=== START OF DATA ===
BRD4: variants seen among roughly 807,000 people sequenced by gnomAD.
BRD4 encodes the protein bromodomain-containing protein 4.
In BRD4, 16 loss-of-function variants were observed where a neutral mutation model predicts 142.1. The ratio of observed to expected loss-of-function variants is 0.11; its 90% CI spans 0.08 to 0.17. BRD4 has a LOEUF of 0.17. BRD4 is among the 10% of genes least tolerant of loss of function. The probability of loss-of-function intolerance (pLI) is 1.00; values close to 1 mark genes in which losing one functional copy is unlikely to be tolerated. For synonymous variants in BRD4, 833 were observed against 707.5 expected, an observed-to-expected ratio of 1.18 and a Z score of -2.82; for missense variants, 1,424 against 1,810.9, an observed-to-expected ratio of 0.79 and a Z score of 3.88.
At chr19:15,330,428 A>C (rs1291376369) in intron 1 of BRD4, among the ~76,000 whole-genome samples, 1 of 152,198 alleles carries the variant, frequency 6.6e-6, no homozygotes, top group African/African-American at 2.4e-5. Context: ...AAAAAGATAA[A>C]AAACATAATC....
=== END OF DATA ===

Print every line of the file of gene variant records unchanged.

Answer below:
BRD4: variants seen among roughly 807,000 people sequenced by gnomAD.
BRD4 encodes the protein bromodomain-containing protein 4.
In BRD4, 16 loss-of-function variants were observed where a neutral mutation model predicts 142.1. The ratio of observed to expected loss-of-function variants is 0.11; its 90% CI spans 0.08 to 0.17. BRD4 has a LOEUF of 0.17. BRD4 is among the 10% of genes least tolerant of loss of function. The probability of loss-of-function intolerance (pLI) is 1.00; values close to 1 mark genes in which losing one functional copy is unlikely to be tolerated. For synonymous variants in BRD4, 833 were observed against 707.5 expected, an observed-to-expected ratio of 1.18 and a Z score of -2.82; for missense variants, 1,424 against 1,810.9, an observed-to-expected ratio of 0.79 and a Z score of 3.88.
At chr19:15,330,428 A>C (rs1291376369) in intron 1 of BRD4, among the ~76,000 whole-genome samples, 1 of 152,198 alleles carries the variant, frequency 6.6e-6, no homozygotes, top group African/African-American at 2.4e-5. Context: ...AAAAAGATAA[A>C]AAACATAATC....